Gone, but not forgotten. On Thursday, May 9, a little more than a week after Chris Kelly's shocking death at age 34, the Kris Kross rapper's friends and family gathered in Atlanta to grieve his sudden passing. Among those in attendance at the funeral were Kelly's rap partner and longtime friend Chris "Daddy Mac" Smith, members of the band Xscape, hip hop star Da Brat, and mentor Jermaine Dupri, who discovered Kelly and Smith in a mall when they were just 12 and 11 years old, respectively.
Per the Associated Press, Smith and Dupri walked into Jackson Baptist Memorial Church together. In a tribute to Kelly's trademark fashion gimmick, the surviving Kris Kross star and other mourners wore their pants backwards. Additionally, TMZ reports that Keke Wyatt and Xscape singers LaTocha and Tamika Scott performed at the service.
Smith honored his late pal with an emotional speech during the funeral, telling his fellow attendees that "it's been a struggle" every day since Kelly's death. "I know Chris is in heaven," he said through his tears. "He was a true friend...I just wanna say I love you, man...and I'm gonna miss you dearly."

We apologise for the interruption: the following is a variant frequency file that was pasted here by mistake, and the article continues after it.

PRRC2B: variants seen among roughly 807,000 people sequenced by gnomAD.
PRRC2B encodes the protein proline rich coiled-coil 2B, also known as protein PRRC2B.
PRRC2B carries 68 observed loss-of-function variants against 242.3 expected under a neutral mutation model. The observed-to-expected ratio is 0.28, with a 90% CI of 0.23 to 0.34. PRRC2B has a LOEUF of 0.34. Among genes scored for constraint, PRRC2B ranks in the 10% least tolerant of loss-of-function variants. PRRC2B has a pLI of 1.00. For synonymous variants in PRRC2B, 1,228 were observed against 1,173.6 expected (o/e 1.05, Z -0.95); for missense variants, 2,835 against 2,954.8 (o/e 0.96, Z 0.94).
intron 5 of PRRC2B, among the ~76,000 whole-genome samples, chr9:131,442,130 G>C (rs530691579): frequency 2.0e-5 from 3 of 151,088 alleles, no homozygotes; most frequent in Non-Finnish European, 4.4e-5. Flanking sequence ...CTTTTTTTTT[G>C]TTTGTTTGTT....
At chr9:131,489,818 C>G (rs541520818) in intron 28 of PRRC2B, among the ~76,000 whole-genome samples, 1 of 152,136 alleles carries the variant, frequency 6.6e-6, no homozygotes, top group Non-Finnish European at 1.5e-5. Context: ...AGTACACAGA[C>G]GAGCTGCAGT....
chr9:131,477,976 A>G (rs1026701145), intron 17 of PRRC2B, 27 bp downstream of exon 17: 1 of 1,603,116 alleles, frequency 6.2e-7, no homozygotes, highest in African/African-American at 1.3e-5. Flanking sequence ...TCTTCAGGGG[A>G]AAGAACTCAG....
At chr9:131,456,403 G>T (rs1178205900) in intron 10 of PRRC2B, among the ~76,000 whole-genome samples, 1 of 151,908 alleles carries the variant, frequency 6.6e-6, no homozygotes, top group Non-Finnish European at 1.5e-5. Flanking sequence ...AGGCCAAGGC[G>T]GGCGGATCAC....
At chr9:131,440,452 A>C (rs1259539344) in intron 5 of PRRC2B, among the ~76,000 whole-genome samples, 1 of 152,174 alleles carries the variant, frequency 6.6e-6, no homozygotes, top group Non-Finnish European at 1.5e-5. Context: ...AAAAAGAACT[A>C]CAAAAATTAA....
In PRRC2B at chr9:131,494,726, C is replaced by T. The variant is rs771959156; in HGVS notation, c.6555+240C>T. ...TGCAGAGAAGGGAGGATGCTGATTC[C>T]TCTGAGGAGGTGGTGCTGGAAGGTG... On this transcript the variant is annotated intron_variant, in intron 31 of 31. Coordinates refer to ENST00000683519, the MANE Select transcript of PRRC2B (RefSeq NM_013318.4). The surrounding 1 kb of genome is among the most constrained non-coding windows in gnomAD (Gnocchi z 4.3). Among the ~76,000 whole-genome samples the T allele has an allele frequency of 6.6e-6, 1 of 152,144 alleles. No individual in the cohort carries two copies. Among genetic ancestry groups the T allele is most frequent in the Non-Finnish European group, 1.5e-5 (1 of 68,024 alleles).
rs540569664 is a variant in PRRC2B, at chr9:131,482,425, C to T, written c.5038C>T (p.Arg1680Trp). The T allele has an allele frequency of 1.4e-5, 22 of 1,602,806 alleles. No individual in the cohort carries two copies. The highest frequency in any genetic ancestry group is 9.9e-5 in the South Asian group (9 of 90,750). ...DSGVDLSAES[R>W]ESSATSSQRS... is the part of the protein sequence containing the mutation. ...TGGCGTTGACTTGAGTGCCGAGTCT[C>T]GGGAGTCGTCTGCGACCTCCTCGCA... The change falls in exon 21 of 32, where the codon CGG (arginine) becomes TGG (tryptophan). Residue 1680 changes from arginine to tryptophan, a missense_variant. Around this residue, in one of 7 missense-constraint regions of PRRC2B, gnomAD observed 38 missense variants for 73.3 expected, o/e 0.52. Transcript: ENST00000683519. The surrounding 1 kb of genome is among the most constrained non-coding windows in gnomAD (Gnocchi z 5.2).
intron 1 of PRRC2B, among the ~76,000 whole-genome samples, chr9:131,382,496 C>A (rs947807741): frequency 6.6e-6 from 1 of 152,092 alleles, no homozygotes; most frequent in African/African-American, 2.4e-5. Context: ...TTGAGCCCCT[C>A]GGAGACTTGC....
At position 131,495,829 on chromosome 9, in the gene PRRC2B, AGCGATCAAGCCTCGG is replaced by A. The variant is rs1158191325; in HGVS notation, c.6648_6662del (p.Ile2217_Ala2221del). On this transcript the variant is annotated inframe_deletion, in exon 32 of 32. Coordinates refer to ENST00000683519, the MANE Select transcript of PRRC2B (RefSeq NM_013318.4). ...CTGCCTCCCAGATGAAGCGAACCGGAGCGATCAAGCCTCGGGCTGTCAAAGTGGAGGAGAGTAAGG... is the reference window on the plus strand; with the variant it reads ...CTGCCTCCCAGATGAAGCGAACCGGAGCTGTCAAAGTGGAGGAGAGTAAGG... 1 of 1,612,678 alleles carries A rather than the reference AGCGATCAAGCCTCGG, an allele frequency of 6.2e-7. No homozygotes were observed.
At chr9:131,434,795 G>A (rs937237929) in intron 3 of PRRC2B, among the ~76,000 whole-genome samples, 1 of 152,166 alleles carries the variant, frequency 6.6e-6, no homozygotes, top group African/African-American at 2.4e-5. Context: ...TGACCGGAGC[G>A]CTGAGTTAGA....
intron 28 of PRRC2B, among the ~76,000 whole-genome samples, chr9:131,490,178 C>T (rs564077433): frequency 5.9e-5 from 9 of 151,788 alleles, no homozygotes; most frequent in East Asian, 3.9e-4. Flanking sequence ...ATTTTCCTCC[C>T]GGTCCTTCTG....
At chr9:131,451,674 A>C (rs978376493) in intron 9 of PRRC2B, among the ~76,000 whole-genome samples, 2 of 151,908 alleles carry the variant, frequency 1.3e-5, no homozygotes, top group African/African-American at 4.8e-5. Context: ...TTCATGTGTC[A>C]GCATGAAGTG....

"My life...it ain't ever gonna be the same, but I just hope our legacy for hip hop is never forgotten," he added. "I'm gonna do my part to make sure Chris' legacy will live on."
Kelly passed away on Wednesday, May 1, after he was found unconscious in his Atlanta-area home. An autopsy has been completed, but an official cause of death is still pending toxicology reports. (He had reportedly been abusing both cocaine and heroin the night before his death.)
"It is with deep sadness that we announce that our beloved Chris Kelly has passed away on May 1," his mom, Donna, told Us Weekly in a statement. "To millions of fans worldwide, he was the trendsetting, backwards pants-wearing one-half of Kris Kross who loved making music. But to us, he was just Chris -- the kind, generous and fun-loving life of the party."
Kelly's mentor, Dupri, echoed Donna's sentiments when he spoke to Us Weekly's Ian Drew a short time after the star's passing. "It was like we were just kids that were into the same things and he played video games. He played basketball. He played baseball. He played football. He rapped. He swam," Dupri remembered of his mentee. "He was just a natural kid, like a person that you want to be around at all times because he would never not want to be doing anything."